Victor Oladipo 2018-19 Season Highlights

Check out some of the top plays from Pacers guard Victor Oladipo's 2018-19 season.

Victor Oladipo 2019 Season Review

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Victor Oladipo 2018-19 Season Highlights

Check out some of the top plays from Pacers guard Victor Oladipo's 2018-19 season.
May 4, 2019  |  00:59

Highlights: Oladipo's Outstanding Week

Nov. 5, 2018 - Pacers guard Victor Oladipo was named Eastern Conference Player of the Week for games played from Oct. 29 - Nov. 4. Check out some of his best plays from the week.
Nov 5, 2018  |  01:58

Player Review 2019: Victor Oladipo

by Mark Montieth
Pacers.com Writer
@MarkMontieth

Age: 27
Years Pro: 6
Status: Has two years remaining on his contract.
Key Stats: Played in just 36 games because of two injuries. Averaged 18.8 points, 5.6 rebounds and 5.2 assists.

Victor Oladipo has this knack for proving his value by not playing as much as by playing. While the Pacers managed to win games without him this past season, an improvement over a year ago, he remained conspicuous by his absence to the season's final buzzer.

His teammates won 48 games without him, a notable accomplishment that resonated throughout the NBA, but they couldn't beat the elite teams with any consistency. That included Boston, which swept them out of the first round of the playoffs and won three out of four regular season games. Without Oladipo, the Pacers were a competitive team that lacked a creator and closer. With him, they likely would have finished as the third or fourth seed in the East and tempted a far more positive playoff fate.

Oladipo missed 11 games after coming down with what was described as a sore right knee five minutes into the matchup with Atlanta on Nov. 17. He returned for 20 games, then tore the quadricep muscles in the same knee in the second quarter of the game against Toronto on Jan. 23 and was lost for the season.

And perhaps for part of next season, too. It's impossible to predict when he'll be able to play again, but the rehabilitation is said to be going well and he remains as optimistic as ever. He's a "positive butterfly," as he puts it, and promised Kevin Pritchard when they met for dinner last Sunday that he would return better than ever.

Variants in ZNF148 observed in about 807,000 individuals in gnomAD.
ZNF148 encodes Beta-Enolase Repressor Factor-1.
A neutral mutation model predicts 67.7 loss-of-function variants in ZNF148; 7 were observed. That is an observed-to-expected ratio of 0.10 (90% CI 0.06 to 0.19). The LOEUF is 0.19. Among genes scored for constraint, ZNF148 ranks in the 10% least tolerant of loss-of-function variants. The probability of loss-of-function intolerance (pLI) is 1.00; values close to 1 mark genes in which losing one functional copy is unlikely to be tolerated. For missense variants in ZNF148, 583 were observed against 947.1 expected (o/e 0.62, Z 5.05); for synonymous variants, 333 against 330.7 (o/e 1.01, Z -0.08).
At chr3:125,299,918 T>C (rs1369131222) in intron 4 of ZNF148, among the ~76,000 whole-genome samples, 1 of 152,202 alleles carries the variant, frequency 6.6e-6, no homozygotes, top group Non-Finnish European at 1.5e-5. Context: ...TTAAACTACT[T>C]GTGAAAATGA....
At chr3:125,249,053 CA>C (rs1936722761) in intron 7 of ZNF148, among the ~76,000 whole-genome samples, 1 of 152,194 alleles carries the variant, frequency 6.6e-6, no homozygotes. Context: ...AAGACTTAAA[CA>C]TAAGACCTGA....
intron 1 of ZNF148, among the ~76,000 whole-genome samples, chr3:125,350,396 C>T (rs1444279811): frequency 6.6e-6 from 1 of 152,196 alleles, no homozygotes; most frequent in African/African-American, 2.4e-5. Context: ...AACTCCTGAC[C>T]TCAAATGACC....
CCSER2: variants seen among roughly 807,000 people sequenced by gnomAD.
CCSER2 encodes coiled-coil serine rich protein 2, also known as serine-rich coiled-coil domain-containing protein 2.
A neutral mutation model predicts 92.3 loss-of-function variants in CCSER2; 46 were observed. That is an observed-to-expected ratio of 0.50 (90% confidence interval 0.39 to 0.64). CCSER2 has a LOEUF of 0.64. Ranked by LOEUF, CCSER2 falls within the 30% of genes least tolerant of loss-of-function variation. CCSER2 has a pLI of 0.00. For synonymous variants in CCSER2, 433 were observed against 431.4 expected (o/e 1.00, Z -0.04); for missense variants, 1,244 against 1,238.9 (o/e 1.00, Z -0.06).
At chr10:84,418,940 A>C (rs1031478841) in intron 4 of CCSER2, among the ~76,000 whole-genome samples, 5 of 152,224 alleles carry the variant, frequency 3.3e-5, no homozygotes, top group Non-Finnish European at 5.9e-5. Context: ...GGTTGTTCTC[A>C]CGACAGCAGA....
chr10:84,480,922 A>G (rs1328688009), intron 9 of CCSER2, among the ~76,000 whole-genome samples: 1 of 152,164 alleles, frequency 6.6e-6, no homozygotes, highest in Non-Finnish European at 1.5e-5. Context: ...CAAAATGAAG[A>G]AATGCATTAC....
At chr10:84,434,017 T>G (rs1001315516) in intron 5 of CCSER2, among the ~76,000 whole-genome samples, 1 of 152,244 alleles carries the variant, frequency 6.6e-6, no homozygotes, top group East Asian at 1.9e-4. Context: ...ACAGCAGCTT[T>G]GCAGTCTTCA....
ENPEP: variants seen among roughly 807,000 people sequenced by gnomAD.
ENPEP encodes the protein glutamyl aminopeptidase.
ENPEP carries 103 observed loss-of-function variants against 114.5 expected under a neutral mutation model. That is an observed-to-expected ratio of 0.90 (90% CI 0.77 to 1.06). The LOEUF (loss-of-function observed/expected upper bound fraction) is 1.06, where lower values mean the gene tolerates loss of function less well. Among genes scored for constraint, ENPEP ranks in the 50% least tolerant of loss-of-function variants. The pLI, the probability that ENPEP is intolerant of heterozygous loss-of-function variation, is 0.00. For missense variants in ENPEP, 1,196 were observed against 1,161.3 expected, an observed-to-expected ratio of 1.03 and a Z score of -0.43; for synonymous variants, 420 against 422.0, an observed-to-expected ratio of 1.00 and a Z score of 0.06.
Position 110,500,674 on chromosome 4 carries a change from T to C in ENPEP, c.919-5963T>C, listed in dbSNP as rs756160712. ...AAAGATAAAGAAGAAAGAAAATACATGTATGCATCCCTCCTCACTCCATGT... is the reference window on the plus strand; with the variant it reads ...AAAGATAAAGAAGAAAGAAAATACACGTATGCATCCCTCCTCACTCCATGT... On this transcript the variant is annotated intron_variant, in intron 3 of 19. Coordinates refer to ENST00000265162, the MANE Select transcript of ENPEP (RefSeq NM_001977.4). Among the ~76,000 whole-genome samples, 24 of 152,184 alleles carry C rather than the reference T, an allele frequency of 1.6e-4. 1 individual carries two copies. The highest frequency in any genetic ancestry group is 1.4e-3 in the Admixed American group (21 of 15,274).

"Victor brings a presence," Pritchard said. "He hits the reset button every day and...that refreshing personality probably was what we missed most."

PHOTO GALLERY: Victor Oladipo's 2018-19 Season in Photos »

The Pacers went 7-4 without Oladipo after he went down the first time, a dramatic improvement over last season when they were 0-7 and barely competitive in the games he missed. But when he was lost for the remainder of the season in January, spirits sagged. They lost four consecutive games — three on the road and a home game with Golden State — before regrouping.

Visiting him in the hospital in Miami, where he had his surgery and conducted the early stages of his rehabilitation, helped them hit the reset button he's made famous — and literal. They went on to win six consecutive games and were competitive in nearly every game the rest of the season.

Oladipo's absence somewhat obscured what had gone on during his presence. The Pacers were 25-11 when he played, a success rate (69 percent) that if carried through the entire season would have brought 56 victories and made them the No. 3 seed for the playoffs. They might have wound up with fewer victories than that because of the demanding March schedule, but they still likely would have earned the third seed.

They were on that pace despite the fact he wasn't playing as well as the previous season. His scoring average (18.8), field goal percentage (.423), 3-point percentage (.343) and free throw percentage (.730) all were lower than in 2017-18. He seemed to struggle with his approach at times, wanting to stand out and carry his team but dealing with the reality the team was better when he tended to fit in.